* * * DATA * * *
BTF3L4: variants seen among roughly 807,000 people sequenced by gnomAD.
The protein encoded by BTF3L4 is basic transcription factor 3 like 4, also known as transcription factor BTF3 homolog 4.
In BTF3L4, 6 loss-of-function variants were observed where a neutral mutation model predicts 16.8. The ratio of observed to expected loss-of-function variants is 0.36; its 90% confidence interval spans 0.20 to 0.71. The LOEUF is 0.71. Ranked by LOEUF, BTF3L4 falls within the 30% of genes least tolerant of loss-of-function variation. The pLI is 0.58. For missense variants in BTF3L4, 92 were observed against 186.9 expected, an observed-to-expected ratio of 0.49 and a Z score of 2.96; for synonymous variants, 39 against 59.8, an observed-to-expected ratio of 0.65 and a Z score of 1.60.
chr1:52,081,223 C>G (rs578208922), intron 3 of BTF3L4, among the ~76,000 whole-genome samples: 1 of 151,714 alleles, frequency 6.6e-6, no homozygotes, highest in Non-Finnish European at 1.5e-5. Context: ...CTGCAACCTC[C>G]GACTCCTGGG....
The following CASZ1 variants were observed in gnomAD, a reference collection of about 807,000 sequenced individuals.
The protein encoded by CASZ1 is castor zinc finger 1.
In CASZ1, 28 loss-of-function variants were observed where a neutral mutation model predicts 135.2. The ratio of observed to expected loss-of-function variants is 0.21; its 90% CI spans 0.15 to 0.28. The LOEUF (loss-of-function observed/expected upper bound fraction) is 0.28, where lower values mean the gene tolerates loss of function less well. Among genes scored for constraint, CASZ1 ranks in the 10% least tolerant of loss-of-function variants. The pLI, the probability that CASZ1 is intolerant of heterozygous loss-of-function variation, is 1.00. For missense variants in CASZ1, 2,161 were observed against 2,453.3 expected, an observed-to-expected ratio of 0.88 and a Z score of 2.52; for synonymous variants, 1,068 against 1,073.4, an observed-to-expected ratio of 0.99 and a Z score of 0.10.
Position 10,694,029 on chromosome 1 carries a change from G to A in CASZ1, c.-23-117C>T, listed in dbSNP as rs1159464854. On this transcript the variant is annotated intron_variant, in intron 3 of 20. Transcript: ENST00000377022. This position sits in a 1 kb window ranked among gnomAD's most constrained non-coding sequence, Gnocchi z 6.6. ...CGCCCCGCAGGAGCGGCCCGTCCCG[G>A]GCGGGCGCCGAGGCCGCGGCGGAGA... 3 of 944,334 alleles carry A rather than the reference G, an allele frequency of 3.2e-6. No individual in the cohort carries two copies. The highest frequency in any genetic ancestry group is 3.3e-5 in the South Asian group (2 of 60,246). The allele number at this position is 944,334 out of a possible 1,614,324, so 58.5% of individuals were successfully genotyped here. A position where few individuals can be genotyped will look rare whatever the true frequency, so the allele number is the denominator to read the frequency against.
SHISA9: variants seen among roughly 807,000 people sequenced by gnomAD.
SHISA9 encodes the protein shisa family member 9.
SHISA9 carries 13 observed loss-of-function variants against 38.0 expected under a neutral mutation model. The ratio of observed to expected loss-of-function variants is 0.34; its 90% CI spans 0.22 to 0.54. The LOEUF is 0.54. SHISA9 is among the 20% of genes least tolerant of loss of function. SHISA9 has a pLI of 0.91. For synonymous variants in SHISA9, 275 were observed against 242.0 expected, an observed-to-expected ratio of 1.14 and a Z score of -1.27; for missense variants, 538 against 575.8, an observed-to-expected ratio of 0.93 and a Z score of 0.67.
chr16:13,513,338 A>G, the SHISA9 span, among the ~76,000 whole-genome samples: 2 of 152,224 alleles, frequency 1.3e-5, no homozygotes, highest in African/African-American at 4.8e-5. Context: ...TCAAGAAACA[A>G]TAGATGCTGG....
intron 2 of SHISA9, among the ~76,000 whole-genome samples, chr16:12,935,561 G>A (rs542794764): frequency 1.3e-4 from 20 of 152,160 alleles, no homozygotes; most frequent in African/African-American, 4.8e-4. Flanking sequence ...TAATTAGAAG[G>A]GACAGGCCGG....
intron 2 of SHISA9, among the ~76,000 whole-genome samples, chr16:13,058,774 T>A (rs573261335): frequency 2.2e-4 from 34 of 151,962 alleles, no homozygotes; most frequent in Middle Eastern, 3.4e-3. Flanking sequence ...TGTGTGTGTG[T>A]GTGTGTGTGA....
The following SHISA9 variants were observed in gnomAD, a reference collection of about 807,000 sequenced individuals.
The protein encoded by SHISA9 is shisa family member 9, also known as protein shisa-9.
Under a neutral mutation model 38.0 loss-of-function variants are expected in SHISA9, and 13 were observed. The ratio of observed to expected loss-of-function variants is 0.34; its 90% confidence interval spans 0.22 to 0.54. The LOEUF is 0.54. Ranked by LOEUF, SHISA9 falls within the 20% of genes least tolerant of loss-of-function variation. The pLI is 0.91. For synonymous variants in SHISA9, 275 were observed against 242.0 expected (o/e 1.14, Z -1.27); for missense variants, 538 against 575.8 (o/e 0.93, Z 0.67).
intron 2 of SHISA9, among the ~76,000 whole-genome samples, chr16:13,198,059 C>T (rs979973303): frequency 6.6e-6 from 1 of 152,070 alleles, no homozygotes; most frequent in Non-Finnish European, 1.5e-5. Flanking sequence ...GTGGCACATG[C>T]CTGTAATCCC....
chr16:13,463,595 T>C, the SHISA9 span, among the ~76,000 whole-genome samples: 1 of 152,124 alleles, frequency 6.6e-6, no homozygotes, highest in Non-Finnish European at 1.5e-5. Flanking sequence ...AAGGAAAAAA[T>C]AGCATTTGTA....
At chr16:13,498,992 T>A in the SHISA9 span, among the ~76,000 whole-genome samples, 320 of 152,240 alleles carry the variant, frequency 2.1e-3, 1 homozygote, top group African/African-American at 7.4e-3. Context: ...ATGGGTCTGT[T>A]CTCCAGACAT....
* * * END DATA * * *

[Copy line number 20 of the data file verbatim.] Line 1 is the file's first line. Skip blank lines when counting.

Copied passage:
At chr16:13,498,992 T>A in the SHISA9 span, among the ~76,000 whole-genome samples, 320 of 152,240 alleles carry the variant, frequency 2.1e-3, 1 homozygote, top group African/African-American at 7.4e-3. Context: ...ATGGGTCTGT[T>A]CTCCAGACAT....